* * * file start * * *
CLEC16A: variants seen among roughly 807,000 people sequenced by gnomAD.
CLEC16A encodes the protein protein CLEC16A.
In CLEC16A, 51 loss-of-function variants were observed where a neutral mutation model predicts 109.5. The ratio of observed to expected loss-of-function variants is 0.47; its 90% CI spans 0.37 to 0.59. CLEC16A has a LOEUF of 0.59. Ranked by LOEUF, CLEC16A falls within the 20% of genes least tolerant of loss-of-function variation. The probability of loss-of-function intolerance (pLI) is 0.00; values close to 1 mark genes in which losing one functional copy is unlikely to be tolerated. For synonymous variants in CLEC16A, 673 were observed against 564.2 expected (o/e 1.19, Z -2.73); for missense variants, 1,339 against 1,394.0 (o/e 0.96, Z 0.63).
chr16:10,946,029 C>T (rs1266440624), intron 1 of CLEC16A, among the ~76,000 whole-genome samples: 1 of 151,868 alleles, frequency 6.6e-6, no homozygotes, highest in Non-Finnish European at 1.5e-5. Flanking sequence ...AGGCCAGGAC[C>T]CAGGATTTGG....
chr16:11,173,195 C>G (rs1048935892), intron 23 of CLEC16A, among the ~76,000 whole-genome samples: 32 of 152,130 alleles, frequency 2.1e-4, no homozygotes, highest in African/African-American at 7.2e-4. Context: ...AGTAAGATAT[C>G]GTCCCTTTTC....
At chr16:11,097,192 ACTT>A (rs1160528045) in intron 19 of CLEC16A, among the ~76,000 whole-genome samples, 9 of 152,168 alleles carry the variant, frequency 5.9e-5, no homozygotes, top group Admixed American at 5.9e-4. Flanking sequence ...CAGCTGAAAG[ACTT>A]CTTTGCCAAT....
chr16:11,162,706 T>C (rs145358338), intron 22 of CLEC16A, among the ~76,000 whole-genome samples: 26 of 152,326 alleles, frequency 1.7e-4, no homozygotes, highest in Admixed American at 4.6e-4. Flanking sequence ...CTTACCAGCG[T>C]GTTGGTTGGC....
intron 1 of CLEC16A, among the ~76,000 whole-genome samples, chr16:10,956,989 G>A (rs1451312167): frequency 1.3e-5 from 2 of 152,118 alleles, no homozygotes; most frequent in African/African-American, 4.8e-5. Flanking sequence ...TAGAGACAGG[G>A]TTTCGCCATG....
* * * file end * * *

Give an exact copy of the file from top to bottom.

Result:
CLEC16A: variants seen among roughly 807,000 people sequenced by gnomAD.
CLEC16A encodes the protein protein CLEC16A.
In CLEC16A, 51 loss-of-function variants were observed where a neutral mutation model predicts 109.5. The ratio of observed to expected loss-of-function variants is 0.47; its 90% CI spans 0.37 to 0.59. CLEC16A has a LOEUF of 0.59. Ranked by LOEUF, CLEC16A falls within the 20% of genes least tolerant of loss-of-function variation. The probability of loss-of-function intolerance (pLI) is 0.00; values close to 1 mark genes in which losing one functional copy is unlikely to be tolerated. For synonymous variants in CLEC16A, 673 were observed against 564.2 expected (o/e 1.19, Z -2.73); for missense variants, 1,339 against 1,394.0 (o/e 0.96, Z 0.63).
chr16:10,946,029 C>T (rs1266440624), intron 1 of CLEC16A, among the ~76,000 whole-genome samples: 1 of 151,868 alleles, frequency 6.6e-6, no homozygotes, highest in Non-Finnish European at 1.5e-5. Flanking sequence ...AGGCCAGGAC[C>T]CAGGATTTGG....
chr16:11,173,195 C>G (rs1048935892), intron 23 of CLEC16A, among the ~76,000 whole-genome samples: 32 of 152,130 alleles, frequency 2.1e-4, no homozygotes, highest in African/African-American at 7.2e-4. Context: ...AGTAAGATAT[C>G]GTCCCTTTTC....
At chr16:11,097,192 ACTT>A (rs1160528045) in intron 19 of CLEC16A, among the ~76,000 whole-genome samples, 9 of 152,168 alleles carry the variant, frequency 5.9e-5, no homozygotes, top group Admixed American at 5.9e-4. Flanking sequence ...CAGCTGAAAG[ACTT>A]CTTTGCCAAT....
chr16:11,162,706 T>C (rs145358338), intron 22 of CLEC16A, among the ~76,000 whole-genome samples: 26 of 152,326 alleles, frequency 1.7e-4, no homozygotes, highest in Admixed American at 4.6e-4. Flanking sequence ...CTTACCAGCG[T>C]GTTGGTTGGC....
intron 1 of CLEC16A, among the ~76,000 whole-genome samples, chr16:10,956,989 G>A (rs1451312167): frequency 1.3e-5 from 2 of 152,118 alleles, no homozygotes; most frequent in African/African-American, 4.8e-5. Flanking sequence ...TAGAGACAGG[G>A]TTTCGCCATG....